... Following a four-day hearing in 2009, a tribunal adjudicator sided with [the complainant] and ordered Ms. Telfer to pay her former employee $36,000, a sum Ms. Telfer says she does not have. ... When she failed to pay, the plaintiff's government paid lawyers placed a lien on the home of Ms. Telfer.
... At the hearing, [the compainant] was represented by governmentpaid lawyers, while Ms. Telfer represented herself because she could not afford counsel (and no government aid was offered to her). During the proceedings, a key witness for Ms. Telfer was prevented from giving evidence, while no such exclusions were made from [the complainant's] witness list.
... Sadly, these are all-too-common tactics employed by federal and provincial rights commissions and tribunals ...The good news is:
Last week, a three-judge Ontario Superior Court panel struck down the adjudicator's decision in Ms. Telfer's case, saying it was "fatally flawed" and explaining that it was "simply not possible to logically follow the pathway taken by the adjudicator" to arrive at his conclusions.Which was promptly followed by some more bad news:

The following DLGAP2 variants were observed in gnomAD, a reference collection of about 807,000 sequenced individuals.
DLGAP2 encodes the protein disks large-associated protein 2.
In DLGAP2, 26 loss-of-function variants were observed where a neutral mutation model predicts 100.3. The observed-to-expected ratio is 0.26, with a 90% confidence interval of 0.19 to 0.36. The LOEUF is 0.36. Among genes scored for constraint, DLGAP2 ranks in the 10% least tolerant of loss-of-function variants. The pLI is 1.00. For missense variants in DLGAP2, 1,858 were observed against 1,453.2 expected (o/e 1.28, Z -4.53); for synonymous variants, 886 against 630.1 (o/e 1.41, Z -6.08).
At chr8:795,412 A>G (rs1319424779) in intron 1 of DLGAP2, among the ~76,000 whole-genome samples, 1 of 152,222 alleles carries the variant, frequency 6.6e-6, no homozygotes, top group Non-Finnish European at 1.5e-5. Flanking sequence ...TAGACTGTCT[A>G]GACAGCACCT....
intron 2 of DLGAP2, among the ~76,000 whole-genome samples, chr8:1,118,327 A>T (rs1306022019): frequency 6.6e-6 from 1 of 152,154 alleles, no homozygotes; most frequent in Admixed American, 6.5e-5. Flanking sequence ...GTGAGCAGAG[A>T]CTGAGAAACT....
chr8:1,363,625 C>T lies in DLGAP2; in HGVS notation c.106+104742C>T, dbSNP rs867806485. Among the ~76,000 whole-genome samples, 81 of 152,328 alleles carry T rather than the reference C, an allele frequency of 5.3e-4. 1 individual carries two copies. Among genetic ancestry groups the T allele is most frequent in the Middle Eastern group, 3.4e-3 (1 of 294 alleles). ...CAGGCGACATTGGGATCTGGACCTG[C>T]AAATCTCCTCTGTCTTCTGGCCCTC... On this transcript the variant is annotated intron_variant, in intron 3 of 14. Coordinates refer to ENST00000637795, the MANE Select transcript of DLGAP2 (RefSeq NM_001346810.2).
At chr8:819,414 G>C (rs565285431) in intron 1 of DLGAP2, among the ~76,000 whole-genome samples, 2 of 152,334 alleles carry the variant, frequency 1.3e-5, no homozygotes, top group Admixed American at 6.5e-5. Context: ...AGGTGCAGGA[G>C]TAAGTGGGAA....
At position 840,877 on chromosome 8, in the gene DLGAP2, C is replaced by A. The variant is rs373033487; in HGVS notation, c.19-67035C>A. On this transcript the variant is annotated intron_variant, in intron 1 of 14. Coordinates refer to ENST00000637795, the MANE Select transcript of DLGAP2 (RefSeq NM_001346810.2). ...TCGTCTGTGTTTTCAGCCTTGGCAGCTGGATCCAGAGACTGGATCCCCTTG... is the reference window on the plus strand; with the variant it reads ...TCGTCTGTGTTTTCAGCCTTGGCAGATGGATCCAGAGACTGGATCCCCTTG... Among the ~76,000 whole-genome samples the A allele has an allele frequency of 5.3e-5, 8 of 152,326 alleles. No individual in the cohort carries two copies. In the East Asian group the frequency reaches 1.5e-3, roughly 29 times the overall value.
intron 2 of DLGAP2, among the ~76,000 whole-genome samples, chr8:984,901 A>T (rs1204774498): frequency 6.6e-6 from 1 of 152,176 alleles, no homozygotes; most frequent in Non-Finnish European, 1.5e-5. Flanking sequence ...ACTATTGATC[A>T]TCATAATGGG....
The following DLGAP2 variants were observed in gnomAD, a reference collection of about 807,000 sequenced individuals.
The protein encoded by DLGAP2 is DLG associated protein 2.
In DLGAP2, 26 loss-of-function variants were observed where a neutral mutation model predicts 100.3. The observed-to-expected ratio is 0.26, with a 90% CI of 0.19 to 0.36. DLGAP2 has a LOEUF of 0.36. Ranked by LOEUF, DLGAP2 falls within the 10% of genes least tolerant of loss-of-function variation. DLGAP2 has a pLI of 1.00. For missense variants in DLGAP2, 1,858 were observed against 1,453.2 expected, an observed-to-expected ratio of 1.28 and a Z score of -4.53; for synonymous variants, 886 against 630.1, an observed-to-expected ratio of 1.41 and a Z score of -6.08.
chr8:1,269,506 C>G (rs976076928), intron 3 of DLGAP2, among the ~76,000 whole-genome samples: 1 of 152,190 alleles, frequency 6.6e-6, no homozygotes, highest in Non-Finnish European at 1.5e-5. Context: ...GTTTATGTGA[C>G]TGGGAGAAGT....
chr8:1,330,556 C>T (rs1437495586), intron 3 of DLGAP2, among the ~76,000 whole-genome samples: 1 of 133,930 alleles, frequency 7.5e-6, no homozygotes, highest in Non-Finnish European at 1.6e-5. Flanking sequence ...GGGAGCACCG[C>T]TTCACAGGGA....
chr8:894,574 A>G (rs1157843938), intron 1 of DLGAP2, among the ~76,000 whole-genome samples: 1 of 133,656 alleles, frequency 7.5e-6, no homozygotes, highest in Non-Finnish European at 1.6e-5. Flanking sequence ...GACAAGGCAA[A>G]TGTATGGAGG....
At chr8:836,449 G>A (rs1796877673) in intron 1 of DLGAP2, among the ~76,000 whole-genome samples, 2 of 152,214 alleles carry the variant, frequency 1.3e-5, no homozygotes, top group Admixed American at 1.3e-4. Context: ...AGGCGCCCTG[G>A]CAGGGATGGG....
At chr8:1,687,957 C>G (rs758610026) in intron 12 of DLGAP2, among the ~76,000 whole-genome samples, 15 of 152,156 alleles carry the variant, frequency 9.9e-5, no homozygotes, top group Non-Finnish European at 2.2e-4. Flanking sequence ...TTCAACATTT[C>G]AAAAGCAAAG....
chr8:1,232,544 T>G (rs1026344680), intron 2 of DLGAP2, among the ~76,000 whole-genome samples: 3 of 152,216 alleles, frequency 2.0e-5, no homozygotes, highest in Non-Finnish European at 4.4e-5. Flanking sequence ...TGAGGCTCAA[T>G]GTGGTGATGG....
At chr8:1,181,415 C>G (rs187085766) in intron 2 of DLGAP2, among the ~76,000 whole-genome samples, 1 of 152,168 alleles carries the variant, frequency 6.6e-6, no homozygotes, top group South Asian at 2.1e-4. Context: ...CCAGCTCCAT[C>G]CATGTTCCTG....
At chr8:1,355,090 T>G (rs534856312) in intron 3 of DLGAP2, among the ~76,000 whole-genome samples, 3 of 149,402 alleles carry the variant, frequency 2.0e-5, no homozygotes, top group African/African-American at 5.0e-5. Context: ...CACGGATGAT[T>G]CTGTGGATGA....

The court ordered another hearing before a different adjudicator...Along with some slightly better news:
... and told [the complainant] to pay for Ms. Telfer's lawyer.But:
Naturally, the Ontario human rights tribunal has already said it will pay on [the complainant's] behalf ...Arrrggghhh!
["Human Rights" Commissions] have evolved into modern-day Star Chambers. Commissioners and investigators all too often act as though they have -- or should have -- the same authority as judges. Yet given their biases and the lack of safeguards for defendants' rights, they seldom dispense true justice. It is long past time that politicians found the courage to rein them in. [Amen!]Dear Mr. Prime Minister and provincial Premiers:
Please get together on this, use some common sense and try to locate your gonads!